There’s no Newfoundland without nan

A local artist has created an exhibit surrounding childhood memories with his grandmother.

Local artist Jon White’s exhibit Nan’s House is based around memories from his own childhood. He says about 60-150 hours went into making each piece. Chantel Murrin/Kicker

Chantel Murrin
Kicker

The word nan resonates with people all over the world, but in Newfoundland and Labrador, memories with nan often share a common theme.  

Many might remember their nan hanging patchwork quilts on the clothesline or that moment when they cracked open a tin of Royal Dansk Danish cookies only to find an assortment of sewing needles and coloured thread inside.

Jon White, a local artist who calls Twillingate home, captured these memories with his new exhibit Nan’s House. The exhibit, which opened at Quidi Vidi Village Plantation on Friday, features eight original pieces and will be open to the public until Oct. 24 

The idea initially stemmed from Whites three kids who, he says, love to visit nan’s house. 

“When you hear those words, it drums up memories of your own childhood and what you did at relative’s houses growing upthe activities and it kind of took off from there,” he said.  

Together he and his wife Elizabeth created The White’s Emporium in September 2019. The couple have been making driftwood wall art inspired by the place they call home ever since. 

The name Emporium stemmed from not wanting to be pigeon-holed into one specific category, says Whiteemphasizing that they make more than just driftwood art.  

So far, the pair have tackled everything from sea glass tree ornaments, to quilted pieces, to art prints.  

Beth Howley is a local craftsperson who operates her business Angora Borealis out of the Quidi Vidi Village Plantation. She says each piece at the exhibit was in keeping with Newfoundland culture. Chantel Murrin/Kicker
Beth Howley is a local craftsperson who operates her business Angora Borealis out of the Quidi Vidi Village Plantation. She says each piece at the exhibit was in keeping with Newfoundland culture. Chantel Murrin/Kicker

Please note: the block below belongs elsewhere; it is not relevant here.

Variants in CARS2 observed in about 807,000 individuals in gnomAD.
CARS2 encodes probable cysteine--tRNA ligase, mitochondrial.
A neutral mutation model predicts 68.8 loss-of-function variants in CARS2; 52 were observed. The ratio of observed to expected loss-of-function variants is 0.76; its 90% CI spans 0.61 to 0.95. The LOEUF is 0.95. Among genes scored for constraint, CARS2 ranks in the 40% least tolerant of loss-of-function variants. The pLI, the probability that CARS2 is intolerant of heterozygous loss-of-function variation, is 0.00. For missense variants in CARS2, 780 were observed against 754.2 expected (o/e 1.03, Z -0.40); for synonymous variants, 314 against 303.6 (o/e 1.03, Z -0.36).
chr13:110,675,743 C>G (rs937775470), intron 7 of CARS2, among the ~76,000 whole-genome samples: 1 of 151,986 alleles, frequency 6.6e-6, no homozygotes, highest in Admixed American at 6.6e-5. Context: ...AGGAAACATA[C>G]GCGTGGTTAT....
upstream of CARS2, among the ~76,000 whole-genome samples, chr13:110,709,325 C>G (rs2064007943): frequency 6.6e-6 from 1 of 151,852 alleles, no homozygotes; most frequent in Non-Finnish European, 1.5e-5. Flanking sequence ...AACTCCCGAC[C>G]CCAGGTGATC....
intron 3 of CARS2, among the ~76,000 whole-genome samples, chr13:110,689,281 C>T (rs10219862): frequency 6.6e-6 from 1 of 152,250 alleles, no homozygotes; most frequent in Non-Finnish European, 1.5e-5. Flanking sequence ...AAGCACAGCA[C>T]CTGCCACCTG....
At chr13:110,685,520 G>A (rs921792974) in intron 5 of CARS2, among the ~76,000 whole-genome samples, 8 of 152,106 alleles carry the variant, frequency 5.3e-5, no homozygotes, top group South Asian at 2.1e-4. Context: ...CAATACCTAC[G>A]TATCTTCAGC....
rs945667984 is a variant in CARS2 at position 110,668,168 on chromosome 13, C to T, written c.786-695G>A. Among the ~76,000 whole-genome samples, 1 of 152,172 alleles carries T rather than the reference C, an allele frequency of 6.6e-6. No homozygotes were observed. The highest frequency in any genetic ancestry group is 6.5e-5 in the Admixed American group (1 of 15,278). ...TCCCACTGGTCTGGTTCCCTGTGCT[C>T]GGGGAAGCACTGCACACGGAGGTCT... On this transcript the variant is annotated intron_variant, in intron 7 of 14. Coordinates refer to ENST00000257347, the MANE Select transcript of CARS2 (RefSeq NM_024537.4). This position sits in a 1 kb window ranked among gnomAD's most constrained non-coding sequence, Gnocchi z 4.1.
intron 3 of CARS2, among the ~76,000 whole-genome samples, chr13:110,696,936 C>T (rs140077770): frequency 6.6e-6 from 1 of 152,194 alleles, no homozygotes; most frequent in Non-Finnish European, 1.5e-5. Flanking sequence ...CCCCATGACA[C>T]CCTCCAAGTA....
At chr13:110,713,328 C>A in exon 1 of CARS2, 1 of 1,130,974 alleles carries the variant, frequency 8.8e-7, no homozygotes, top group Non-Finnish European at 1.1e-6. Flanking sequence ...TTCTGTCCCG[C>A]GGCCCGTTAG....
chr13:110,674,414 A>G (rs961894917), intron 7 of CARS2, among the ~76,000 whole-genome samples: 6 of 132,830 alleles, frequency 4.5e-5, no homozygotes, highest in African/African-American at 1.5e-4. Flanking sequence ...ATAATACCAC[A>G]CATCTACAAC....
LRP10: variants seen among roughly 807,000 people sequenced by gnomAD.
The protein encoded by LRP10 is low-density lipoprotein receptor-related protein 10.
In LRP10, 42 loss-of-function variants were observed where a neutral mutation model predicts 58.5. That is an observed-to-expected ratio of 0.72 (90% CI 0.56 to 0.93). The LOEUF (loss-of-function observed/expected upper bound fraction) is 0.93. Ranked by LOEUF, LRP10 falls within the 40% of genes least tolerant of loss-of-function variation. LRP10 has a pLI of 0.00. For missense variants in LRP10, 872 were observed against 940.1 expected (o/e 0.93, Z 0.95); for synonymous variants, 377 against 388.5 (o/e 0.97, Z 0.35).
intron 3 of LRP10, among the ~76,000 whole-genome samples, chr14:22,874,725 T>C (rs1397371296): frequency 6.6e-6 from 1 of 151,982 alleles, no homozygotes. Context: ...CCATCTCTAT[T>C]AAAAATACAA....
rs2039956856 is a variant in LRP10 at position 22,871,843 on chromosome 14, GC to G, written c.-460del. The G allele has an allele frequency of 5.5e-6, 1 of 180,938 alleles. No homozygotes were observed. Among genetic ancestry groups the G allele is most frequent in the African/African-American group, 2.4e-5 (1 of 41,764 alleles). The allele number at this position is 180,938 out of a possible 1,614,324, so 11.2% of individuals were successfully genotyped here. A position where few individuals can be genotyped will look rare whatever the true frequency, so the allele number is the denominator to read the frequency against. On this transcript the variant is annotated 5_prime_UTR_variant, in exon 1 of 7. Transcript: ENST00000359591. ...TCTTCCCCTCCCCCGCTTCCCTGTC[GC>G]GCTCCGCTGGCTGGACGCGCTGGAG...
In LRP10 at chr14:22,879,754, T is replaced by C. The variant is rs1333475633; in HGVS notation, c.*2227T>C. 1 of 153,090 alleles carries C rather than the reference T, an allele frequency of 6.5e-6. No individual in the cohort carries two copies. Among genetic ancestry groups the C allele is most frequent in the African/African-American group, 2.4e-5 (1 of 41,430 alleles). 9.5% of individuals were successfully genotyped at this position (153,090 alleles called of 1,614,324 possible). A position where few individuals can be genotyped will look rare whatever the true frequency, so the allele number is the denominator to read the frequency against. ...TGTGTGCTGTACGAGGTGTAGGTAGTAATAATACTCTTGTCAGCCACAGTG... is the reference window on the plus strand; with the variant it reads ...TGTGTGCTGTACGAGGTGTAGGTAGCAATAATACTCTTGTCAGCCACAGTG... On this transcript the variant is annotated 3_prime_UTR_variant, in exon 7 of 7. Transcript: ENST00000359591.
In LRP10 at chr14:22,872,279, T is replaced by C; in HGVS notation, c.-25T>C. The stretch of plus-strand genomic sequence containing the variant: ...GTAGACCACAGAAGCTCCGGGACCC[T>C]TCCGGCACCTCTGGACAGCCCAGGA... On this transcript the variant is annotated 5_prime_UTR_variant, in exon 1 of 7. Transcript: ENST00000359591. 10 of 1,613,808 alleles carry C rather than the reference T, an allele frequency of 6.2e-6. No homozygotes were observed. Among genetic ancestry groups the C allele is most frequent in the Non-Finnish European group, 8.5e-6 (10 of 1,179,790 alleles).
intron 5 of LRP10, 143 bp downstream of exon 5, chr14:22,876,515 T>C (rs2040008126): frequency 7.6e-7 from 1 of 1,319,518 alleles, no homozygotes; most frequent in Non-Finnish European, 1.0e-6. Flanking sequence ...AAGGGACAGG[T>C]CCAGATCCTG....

Beth Howley runs her handspun wool business, Angora Borealis, out of a small studio in the plantation.

The rural Newfoundland themed artshe says, is loved for many reasons. 

“I guess the biggest one is that it resonates with people’s experience,” said Howleyas she sat knitting in her white wicker chair. “You know, grandma’s house or around the bay, people might have experienced it in their youth and moved away from [there], so I think there’s a huge nostalgia part.” 

Howley even purchased a piece from the Nan’s House exhibit called The Breach which highlighted a humpback whale jumping out of the water with a lighthouse in the distance. 

Each piece, says White, is attributed to a different member of his family. The piece Wild Flowers was White’s way of paying homage to his uncle Ralph who had a dory named Splinters. It featured a framed picture of a red boat in the water, hung on vintage floral wallpaper above a yellow end table.  

Along with his uncle, other members of his family are fishermen, including his father-in-law.  

He says cod fishing is a favourite childhood memory for him and his wife and played a big role in the pieces created for the exhibit. 

“They’re all really part of home, for sure,” said White. “Every single one of them is a memory and it’s nice to see it realized on a material picture and I must say we’re really pleased with it.” 

 

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